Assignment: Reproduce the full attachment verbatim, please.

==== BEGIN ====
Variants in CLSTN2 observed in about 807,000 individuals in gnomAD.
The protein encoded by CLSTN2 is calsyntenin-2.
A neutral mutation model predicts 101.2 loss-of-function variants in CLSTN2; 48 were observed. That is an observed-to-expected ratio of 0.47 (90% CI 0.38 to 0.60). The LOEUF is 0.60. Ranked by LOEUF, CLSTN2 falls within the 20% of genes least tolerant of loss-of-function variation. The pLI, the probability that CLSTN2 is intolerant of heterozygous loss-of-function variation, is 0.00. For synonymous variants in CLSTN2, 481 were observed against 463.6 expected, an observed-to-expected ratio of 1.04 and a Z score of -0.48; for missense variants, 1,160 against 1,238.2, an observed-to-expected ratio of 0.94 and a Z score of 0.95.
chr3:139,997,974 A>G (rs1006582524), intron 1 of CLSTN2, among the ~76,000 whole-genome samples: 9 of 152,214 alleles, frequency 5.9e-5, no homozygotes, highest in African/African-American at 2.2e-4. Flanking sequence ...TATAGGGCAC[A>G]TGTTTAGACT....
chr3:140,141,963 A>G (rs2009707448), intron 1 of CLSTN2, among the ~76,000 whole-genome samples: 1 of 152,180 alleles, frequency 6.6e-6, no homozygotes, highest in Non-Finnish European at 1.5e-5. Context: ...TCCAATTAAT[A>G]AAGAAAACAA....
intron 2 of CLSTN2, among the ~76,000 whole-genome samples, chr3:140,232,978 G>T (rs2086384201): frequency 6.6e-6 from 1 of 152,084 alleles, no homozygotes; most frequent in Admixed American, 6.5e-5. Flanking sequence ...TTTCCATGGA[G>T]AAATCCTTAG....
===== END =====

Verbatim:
Variants in CLSTN2 observed in about 807,000 individuals in gnomAD.
The protein encoded by CLSTN2 is calsyntenin-2.
A neutral mutation model predicts 101.2 loss-of-function variants in CLSTN2; 48 were observed. That is an observed-to-expected ratio of 0.47 (90% CI 0.38 to 0.60). The LOEUF is 0.60. Ranked by LOEUF, CLSTN2 falls within the 20% of genes least tolerant of loss-of-function variation. The pLI, the probability that CLSTN2 is intolerant of heterozygous loss-of-function variation, is 0.00. For synonymous variants in CLSTN2, 481 were observed against 463.6 expected, an observed-to-expected ratio of 1.04 and a Z score of -0.48; for missense variants, 1,160 against 1,238.2, an observed-to-expected ratio of 0.94 and a Z score of 0.95.
chr3:139,997,974 A>G (rs1006582524), intron 1 of CLSTN2, among the ~76,000 whole-genome samples: 9 of 152,214 alleles, frequency 5.9e-5, no homozygotes, highest in African/African-American at 2.2e-4. Flanking sequence ...TATAGGGCAC[A>G]TGTTTAGACT....
chr3:140,141,963 A>G (rs2009707448), intron 1 of CLSTN2, among the ~76,000 whole-genome samples: 1 of 152,180 alleles, frequency 6.6e-6, no homozygotes, highest in Non-Finnish European at 1.5e-5. Context: ...TCCAATTAAT[A>G]AAGAAAACAA....
intron 2 of CLSTN2, among the ~76,000 whole-genome samples, chr3:140,232,978 G>T (rs2086384201): frequency 6.6e-6 from 1 of 152,084 alleles, no homozygotes; most frequent in Admixed American, 6.5e-5. Flanking sequence ...TTTCCATGGA[G>T]AAATCCTTAG....